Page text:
INNISFAIL — The first day of business at George Washington West’s general store went well on that summer July 1st day in 1891.
He sold five pounds of apples at 25 cents a pound and four pounds of brown sugar went out the door for another 36 cents.
And then a Mr. Miller came in to check out Innisfail’s first store. He walked away with a red handkerchief, according to a ledger preserved at Innisfail Historical Village. Once-mundane entries in an account book now offer a fascinating glimpse into life in rural Central Alberta, many years before the province got its name.
The ledger and dozens of other historical items are located in a general store mock-up created as part of a 40th anniversary project by the Innisfail and District Historical Society to restore the village’s 1904 Bowden CPR rail station and update its exhibits.
George Washington West was Donna Chadwick’s grandfather and her family ran that store in Innisfail until Christmas Eve 1968, an unbroken 77-year run.
Many of the items in the store came from her collection, including the sales ledger, so carefully preserved in oilskin that the pages remain white 109 years later.
Her grandfather was a teacher when he moved out West from Prince Edward Island. He followed the railroad as it creaked from Calgary to Innisfail, lurching north so slowly that he got out and walked much of the way.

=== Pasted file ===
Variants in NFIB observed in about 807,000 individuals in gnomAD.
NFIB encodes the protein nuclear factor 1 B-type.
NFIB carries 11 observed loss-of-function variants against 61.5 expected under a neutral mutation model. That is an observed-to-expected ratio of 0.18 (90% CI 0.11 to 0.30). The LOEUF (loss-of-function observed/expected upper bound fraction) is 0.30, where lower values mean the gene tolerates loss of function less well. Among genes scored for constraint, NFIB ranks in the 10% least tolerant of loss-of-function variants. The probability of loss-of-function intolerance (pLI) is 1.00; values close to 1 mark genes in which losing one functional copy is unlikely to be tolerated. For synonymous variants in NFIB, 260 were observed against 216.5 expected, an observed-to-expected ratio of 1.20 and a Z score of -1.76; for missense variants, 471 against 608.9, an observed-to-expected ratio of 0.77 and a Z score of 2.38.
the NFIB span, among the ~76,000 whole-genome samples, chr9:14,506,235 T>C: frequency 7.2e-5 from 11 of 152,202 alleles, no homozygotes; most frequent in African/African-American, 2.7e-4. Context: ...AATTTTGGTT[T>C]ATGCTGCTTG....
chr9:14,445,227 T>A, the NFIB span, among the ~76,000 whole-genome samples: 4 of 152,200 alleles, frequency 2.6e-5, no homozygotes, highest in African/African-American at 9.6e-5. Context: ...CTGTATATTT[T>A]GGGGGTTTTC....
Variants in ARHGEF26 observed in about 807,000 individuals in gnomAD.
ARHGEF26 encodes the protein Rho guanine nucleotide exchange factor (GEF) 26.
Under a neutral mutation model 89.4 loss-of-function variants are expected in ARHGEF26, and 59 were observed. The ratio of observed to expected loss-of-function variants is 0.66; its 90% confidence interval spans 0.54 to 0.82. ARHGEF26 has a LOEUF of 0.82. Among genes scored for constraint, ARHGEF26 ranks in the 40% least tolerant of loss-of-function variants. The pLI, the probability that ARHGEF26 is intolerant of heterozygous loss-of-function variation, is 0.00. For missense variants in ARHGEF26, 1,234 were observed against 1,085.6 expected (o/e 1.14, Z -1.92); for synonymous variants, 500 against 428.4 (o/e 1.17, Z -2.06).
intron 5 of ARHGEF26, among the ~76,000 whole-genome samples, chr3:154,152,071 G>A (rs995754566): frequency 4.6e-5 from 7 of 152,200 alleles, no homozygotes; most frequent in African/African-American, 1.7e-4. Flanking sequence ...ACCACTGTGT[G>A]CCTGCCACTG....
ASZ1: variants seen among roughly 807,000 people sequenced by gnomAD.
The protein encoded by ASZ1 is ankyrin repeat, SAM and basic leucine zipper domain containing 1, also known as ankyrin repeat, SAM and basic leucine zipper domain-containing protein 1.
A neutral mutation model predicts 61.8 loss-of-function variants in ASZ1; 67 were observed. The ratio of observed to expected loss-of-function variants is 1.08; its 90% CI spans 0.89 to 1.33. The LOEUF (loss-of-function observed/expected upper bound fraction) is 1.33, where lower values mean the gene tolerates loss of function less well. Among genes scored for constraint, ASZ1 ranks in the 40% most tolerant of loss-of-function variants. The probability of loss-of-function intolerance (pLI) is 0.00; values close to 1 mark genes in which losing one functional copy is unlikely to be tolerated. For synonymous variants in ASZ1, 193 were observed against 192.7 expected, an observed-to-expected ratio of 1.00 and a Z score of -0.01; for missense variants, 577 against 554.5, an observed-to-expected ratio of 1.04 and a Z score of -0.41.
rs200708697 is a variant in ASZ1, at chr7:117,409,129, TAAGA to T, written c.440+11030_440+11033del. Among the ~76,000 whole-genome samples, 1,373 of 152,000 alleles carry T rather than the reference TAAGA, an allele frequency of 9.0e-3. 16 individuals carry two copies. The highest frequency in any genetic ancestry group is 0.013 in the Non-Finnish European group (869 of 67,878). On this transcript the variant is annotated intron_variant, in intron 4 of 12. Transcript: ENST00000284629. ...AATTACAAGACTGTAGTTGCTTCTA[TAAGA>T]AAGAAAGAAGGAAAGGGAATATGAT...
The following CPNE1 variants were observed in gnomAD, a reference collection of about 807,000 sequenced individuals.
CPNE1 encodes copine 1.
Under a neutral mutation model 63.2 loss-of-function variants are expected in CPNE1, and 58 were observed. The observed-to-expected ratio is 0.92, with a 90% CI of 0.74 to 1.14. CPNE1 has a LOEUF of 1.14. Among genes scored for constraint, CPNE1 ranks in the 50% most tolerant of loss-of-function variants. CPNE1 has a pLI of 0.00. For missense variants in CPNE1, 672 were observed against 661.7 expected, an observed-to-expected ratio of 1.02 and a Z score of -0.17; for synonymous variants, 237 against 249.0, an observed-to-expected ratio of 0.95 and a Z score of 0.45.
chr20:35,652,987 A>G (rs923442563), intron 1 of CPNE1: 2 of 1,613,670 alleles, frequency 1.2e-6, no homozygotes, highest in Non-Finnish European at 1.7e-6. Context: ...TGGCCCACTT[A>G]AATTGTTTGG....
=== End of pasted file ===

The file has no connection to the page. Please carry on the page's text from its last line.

When he reached the end of the line, he found a small farming community until recently known as Poplar Grove that had no general store. George Washington — the reason for the salute to American patriotism a family mystery — decided to change that.
A sepia-coloured photo survives showing a space crowded with tins, boxes, tack, tools, a large pickle barrel and hundreds of other turn-of-the-century household essentials.
Chadwick points to an alcove lined with shelves almost hidden in the corner of the picture. “Up here there was a pail. Any cash they had — which wasn’t much — they put it in the pail.”
Most sales were bartered. A chicken here for some oats there. Eggs for sugar, and so on. It didn’t matter to her grandfather.
“He didn’t let anybody go hungry.”
West, known to all as G.W., soon became the conduit to get goods from farms in the area to markets as far south as Texas. In one memorable deal, he bartered two train carloads of frozen jackrabbits for meat and other groceries from meat packing magnate Pat Burns, the man behind the P. Burns & Co., later Burns Foods.
Originally built on the north side of the tracks, the store was moved to the south when the railroad decided to move the town. It eventually sat across from the present theatre, where an Alberta Treasury Branch now sits.
Chadwick, who was born in Innisfail in 1928, remembers well working in the store. At one time, the family business had included a fur exchange and a lumber yard. But as times changed, so did the store. It became more of a department store offering full lines of men’s, women’s and children’s fashions.
When the business closed, its history was thankfully not lost. A cash register, scale, cheese cutter, cheque-making machine, poster maker and other tools of the trade had been squirreled away.
“My dad was a keeper and so was I,” she said.
Now, those items have been preserved at the train station, which was moved to Innisfail in 1976 to save it from demolition.
When the store finally closed, people from farms and small communities all over Central Alberta made their way into town to make one last purchase.
“It really was an institution is what you would call it now.”
And of the hundreds of sales made that day, she still recalls there was not a single NSF cheque.